It was only last week when Uber announced that they would be allowing the public to take advantage of their new self-driving taxis in Pittsburgh before the end of the month leaving many vehicle experts shocked and excited at the prospect of the self-driving revolution happening much earlier than anticipated.
Incredibly, though – and in a pretty surprising move – a company that goes by the name of Nutonomy has just pipped Uber by rolling out their own electric self-driving taxis in Singapore and actually picking up their first real customers in the process. The rollout, which has begun in Singapore's One-North business park, will allow riders to use Nutonomy's app to order an electric Mitsubishi i-Miev or a Renault Zoe, with the fleet hopefully increasing to a dozen vehicles within the next few months. In case you are hesitant about being taxied around in one of Nutonomy's self-driving vehicles the company is offering one incentive – the whole ride is completely free and, currently, the tests are open-ended with the company's CEO stating that they "plan to keep offering rides as long as we continue to learn new things from the data."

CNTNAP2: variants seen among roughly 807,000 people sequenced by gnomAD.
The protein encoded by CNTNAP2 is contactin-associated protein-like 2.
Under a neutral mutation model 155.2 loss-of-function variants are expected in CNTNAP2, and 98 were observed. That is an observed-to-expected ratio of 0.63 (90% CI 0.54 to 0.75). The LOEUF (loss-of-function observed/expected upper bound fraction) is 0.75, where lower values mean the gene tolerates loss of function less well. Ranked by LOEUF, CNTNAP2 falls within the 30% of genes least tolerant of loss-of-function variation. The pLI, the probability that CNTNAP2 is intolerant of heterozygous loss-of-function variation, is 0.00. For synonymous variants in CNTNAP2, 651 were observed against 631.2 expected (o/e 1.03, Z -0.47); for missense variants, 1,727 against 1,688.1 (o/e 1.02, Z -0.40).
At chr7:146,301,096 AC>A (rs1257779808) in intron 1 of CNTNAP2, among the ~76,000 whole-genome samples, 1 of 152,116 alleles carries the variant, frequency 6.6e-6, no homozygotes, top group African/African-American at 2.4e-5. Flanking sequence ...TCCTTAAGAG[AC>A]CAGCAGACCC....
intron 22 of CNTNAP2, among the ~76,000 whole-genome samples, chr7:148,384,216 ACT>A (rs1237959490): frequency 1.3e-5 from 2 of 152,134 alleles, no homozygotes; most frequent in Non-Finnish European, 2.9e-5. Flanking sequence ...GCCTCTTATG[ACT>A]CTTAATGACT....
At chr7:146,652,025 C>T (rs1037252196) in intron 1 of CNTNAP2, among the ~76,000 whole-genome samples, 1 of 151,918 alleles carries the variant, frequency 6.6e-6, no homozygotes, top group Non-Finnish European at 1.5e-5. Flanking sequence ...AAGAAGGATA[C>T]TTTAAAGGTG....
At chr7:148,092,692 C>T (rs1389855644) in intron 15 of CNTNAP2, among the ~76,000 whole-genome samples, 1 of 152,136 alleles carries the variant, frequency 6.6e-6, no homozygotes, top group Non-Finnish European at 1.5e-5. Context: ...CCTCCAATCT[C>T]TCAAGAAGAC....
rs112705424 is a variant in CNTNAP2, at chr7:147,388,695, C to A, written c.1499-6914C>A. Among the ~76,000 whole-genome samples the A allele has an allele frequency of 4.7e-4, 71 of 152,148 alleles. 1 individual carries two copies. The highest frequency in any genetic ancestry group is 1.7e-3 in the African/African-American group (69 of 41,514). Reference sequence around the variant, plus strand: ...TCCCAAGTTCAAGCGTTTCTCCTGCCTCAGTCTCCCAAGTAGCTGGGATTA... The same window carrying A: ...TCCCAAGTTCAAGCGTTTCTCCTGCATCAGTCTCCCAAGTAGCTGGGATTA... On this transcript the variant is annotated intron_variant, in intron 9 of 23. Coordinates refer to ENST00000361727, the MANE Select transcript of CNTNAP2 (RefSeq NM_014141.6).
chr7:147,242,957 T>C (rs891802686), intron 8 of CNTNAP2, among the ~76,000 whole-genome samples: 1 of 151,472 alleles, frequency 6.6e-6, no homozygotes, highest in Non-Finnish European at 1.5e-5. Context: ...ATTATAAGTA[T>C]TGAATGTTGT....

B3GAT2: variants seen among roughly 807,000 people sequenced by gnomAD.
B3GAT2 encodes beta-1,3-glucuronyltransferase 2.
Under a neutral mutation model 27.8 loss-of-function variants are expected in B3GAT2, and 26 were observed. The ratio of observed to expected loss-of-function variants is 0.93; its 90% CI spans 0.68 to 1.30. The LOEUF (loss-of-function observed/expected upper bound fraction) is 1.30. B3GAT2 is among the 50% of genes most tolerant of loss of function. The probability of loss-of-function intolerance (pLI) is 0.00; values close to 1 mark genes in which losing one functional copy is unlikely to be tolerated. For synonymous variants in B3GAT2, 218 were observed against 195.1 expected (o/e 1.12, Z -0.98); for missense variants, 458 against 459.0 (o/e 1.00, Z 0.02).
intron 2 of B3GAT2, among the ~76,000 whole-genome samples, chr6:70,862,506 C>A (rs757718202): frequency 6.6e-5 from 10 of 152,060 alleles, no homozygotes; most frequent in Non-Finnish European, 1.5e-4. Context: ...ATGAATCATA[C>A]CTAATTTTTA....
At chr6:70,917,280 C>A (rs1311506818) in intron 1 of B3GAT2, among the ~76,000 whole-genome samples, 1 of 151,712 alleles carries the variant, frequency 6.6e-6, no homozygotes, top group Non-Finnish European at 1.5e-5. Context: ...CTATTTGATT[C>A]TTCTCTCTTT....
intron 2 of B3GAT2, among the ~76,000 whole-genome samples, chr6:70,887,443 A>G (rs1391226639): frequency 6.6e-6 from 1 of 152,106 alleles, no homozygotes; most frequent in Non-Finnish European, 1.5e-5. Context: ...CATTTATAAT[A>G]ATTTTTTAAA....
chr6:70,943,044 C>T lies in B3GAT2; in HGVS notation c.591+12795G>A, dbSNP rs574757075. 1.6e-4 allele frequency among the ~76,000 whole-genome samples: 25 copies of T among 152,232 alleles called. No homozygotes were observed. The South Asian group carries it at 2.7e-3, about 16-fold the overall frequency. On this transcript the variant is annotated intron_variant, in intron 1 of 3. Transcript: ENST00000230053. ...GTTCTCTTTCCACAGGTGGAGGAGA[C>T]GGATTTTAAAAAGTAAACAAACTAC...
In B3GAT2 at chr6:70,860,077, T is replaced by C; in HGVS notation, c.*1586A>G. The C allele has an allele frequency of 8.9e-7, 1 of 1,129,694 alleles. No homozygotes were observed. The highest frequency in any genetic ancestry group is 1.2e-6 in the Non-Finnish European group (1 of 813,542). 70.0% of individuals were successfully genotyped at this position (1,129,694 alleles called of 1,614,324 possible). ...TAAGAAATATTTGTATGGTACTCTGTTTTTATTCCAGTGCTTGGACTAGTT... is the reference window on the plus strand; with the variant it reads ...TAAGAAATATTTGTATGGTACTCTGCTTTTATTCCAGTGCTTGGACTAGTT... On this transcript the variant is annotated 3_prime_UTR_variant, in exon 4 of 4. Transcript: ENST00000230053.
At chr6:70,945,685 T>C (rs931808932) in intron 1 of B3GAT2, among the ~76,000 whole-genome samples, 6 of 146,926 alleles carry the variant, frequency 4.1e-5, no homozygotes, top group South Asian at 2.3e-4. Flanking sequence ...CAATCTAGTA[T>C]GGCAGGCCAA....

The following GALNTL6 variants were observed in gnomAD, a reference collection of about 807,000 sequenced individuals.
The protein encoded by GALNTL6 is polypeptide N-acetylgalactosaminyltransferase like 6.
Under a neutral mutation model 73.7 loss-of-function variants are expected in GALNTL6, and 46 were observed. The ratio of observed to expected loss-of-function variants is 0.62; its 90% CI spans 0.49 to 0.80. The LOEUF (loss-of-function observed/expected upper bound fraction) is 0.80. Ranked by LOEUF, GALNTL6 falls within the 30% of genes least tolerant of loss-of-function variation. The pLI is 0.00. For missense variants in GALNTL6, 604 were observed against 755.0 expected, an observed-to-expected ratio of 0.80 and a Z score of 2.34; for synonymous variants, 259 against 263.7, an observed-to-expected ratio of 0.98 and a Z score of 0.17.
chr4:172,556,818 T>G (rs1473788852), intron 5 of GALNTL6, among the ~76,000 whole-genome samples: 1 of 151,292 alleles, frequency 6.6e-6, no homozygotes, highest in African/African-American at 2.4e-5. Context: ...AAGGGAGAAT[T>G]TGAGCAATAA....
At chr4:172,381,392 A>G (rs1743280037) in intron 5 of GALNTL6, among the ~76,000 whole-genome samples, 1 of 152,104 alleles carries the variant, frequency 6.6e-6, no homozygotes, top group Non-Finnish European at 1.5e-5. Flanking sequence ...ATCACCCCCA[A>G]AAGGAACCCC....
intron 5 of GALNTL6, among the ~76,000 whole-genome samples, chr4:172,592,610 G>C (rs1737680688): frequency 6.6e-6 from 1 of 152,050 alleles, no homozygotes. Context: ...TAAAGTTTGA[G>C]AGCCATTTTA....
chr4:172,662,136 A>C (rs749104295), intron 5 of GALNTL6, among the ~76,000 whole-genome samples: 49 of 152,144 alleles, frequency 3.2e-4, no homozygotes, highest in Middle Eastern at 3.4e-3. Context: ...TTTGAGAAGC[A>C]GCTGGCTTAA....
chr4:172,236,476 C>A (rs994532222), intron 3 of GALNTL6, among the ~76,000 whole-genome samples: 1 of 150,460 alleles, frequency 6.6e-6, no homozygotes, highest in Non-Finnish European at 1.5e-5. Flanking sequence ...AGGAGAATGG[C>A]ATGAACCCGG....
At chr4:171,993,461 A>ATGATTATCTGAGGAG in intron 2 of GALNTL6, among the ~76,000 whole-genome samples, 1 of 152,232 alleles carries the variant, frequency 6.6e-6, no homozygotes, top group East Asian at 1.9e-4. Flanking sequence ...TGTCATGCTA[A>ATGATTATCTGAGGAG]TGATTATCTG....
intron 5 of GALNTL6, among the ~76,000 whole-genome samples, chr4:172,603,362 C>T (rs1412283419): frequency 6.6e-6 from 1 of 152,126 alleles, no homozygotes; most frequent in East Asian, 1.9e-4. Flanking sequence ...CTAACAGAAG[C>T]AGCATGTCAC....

"The pilot is going to allow us to collect technical data, but equally importantly, it's going to allow us to find out if people enjoy riding in driverless cars," says Karl Iagnemma, Nutonomy's CEO. "When people get into the car, some will love it, some will be indifferent and some won't like it. But how many won't like it– 3% of the ridership, or 30%? We want to know that number. And Uber wants to know that number, too"
As stated above, just like with Uber's tests this is only a controlled experiment for now, with each car having their own safety driver behind the wheel in the case of an emergency. Experiment or not, this is currently the only place in the world where anybody can catch a ride from a self-driving vehicle on public roads. For those of you wondering who Nutonomy actually are – the company was founded in 2013 by ex-MIT engineers and has received funding from the likes of the Singapore government and Ford chairman Bill Ford. In conclusion, it seems the company is just as serious as Google or Uber when it comes to autonomous transport and want to make the most of its benefits. What do you think of all of this? Let us know in the comments below.